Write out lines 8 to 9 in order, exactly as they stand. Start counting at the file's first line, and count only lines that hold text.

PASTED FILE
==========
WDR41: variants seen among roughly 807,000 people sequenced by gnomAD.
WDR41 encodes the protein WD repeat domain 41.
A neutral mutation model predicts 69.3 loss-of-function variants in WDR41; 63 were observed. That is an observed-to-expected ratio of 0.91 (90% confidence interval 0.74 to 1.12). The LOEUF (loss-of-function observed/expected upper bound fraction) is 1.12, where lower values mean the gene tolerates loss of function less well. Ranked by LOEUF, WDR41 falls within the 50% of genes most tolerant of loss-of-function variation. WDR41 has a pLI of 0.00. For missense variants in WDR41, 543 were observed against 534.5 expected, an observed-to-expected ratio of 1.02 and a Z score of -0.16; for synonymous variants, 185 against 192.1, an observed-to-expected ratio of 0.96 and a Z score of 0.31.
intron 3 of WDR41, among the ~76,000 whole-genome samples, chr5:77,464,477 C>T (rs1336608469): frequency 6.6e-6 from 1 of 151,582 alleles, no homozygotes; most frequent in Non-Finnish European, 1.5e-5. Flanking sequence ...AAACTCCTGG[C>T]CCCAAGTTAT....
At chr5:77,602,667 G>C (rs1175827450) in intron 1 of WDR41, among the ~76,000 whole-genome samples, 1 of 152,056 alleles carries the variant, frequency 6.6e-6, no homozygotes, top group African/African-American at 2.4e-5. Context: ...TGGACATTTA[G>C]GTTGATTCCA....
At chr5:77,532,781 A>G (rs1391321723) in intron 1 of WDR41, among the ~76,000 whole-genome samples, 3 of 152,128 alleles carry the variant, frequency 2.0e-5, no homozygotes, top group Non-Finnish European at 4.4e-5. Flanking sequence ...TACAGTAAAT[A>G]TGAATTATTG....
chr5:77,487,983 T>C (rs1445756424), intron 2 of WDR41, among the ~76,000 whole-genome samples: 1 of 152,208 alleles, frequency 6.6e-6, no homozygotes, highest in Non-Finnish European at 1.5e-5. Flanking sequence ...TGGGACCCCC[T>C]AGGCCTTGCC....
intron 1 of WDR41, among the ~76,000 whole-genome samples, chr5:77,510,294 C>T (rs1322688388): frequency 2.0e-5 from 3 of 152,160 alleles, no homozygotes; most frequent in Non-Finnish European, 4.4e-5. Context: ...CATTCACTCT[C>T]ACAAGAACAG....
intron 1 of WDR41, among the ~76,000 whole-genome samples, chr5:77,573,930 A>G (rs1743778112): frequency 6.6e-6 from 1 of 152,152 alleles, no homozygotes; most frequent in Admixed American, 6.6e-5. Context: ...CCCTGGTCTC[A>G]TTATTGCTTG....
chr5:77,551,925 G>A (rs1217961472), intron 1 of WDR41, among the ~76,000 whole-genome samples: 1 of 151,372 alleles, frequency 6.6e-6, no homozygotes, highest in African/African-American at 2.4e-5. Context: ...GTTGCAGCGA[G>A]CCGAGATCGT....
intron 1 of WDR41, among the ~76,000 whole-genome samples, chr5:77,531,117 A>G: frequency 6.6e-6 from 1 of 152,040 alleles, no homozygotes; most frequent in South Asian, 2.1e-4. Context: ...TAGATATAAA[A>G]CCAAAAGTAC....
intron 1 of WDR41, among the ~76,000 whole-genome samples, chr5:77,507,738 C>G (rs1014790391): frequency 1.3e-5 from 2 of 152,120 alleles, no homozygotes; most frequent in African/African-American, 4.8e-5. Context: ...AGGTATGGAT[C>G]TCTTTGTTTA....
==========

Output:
intron 1 of WDR41, among the ~76,000 whole-genome samples, chr5:77,510,294 C>T (rs1322688388): frequency 2.0e-5 from 3 of 152,160 alleles, no homozygotes; most frequent in Non-Finnish European, 4.4e-5. Context: ...CATTCACTCT[C>T]ACAAGAACAG....
intron 1 of WDR41, among the ~76,000 whole-genome samples, chr5:77,573,930 A>G (rs1743778112): frequency 6.6e-6 from 1 of 152,152 alleles, no homozygotes; most frequent in Admixed American, 6.6e-5. Context: ...CCCTGGTCTC[A>G]TTATTGCTTG....